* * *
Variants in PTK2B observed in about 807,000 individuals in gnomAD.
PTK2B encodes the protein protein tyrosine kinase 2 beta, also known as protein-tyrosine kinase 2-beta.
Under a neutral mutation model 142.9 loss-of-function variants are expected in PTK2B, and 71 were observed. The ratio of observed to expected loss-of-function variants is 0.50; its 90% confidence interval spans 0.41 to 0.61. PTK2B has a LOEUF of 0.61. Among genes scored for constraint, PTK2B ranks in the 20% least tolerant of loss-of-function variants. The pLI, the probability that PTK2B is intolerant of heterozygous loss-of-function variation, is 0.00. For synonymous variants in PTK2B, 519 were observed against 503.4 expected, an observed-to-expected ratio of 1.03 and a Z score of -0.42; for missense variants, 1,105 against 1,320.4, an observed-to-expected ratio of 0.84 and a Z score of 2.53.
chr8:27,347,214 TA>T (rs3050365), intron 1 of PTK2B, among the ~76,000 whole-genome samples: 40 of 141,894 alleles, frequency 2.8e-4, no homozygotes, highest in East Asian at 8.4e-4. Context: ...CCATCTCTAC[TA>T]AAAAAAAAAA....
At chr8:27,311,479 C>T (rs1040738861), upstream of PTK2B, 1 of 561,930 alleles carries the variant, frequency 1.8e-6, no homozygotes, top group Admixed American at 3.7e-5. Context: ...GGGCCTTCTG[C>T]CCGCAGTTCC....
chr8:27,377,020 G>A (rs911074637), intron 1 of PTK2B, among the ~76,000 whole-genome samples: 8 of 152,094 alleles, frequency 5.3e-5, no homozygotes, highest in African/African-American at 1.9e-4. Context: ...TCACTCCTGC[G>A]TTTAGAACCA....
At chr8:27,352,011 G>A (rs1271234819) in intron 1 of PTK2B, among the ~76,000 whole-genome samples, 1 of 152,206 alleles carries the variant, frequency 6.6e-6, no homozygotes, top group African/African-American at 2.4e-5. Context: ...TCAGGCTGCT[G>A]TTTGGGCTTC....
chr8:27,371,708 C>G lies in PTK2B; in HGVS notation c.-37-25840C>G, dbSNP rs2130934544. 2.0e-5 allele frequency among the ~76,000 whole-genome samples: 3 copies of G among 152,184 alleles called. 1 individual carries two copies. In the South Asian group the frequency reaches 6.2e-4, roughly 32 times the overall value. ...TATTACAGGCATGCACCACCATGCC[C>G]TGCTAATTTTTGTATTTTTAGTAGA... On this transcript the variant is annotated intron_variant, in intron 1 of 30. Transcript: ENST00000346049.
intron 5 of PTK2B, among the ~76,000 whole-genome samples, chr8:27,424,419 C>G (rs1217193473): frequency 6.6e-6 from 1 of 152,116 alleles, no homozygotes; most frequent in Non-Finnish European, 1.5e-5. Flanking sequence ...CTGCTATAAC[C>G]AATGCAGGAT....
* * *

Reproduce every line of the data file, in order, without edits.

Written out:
Variants in PTK2B observed in about 807,000 individuals in gnomAD.
PTK2B encodes the protein protein tyrosine kinase 2 beta, also known as protein-tyrosine kinase 2-beta.
Under a neutral mutation model 142.9 loss-of-function variants are expected in PTK2B, and 71 were observed. The ratio of observed to expected loss-of-function variants is 0.50; its 90% confidence interval spans 0.41 to 0.61. PTK2B has a LOEUF of 0.61. Among genes scored for constraint, PTK2B ranks in the 20% least tolerant of loss-of-function variants. The pLI, the probability that PTK2B is intolerant of heterozygous loss-of-function variation, is 0.00. For synonymous variants in PTK2B, 519 were observed against 503.4 expected, an observed-to-expected ratio of 1.03 and a Z score of -0.42; for missense variants, 1,105 against 1,320.4, an observed-to-expected ratio of 0.84 and a Z score of 2.53.
chr8:27,347,214 TA>T (rs3050365), intron 1 of PTK2B, among the ~76,000 whole-genome samples: 40 of 141,894 alleles, frequency 2.8e-4, no homozygotes, highest in East Asian at 8.4e-4. Context: ...CCATCTCTAC[TA>T]AAAAAAAAAA....
At chr8:27,311,479 C>T (rs1040738861), upstream of PTK2B, 1 of 561,930 alleles carries the variant, frequency 1.8e-6, no homozygotes, top group Admixed American at 3.7e-5. Context: ...GGGCCTTCTG[C>T]CCGCAGTTCC....
chr8:27,377,020 G>A (rs911074637), intron 1 of PTK2B, among the ~76,000 whole-genome samples: 8 of 152,094 alleles, frequency 5.3e-5, no homozygotes, highest in African/African-American at 1.9e-4. Context: ...TCACTCCTGC[G>A]TTTAGAACCA....
At chr8:27,352,011 G>A (rs1271234819) in intron 1 of PTK2B, among the ~76,000 whole-genome samples, 1 of 152,206 alleles carries the variant, frequency 6.6e-6, no homozygotes, top group African/African-American at 2.4e-5. Context: ...TCAGGCTGCT[G>A]TTTGGGCTTC....
chr8:27,371,708 C>G lies in PTK2B; in HGVS notation c.-37-25840C>G, dbSNP rs2130934544. 2.0e-5 allele frequency among the ~76,000 whole-genome samples: 3 copies of G among 152,184 alleles called. 1 individual carries two copies. In the South Asian group the frequency reaches 6.2e-4, roughly 32 times the overall value. ...TATTACAGGCATGCACCACCATGCC[C>G]TGCTAATTTTTGTATTTTTAGTAGA... On this transcript the variant is annotated intron_variant, in intron 1 of 30. Transcript: ENST00000346049.
intron 5 of PTK2B, among the ~76,000 whole-genome samples, chr8:27,424,419 C>G (rs1217193473): frequency 6.6e-6 from 1 of 152,116 alleles, no homozygotes; most frequent in Non-Finnish European, 1.5e-5. Flanking sequence ...CTGCTATAAC[C>G]AATGCAGGAT....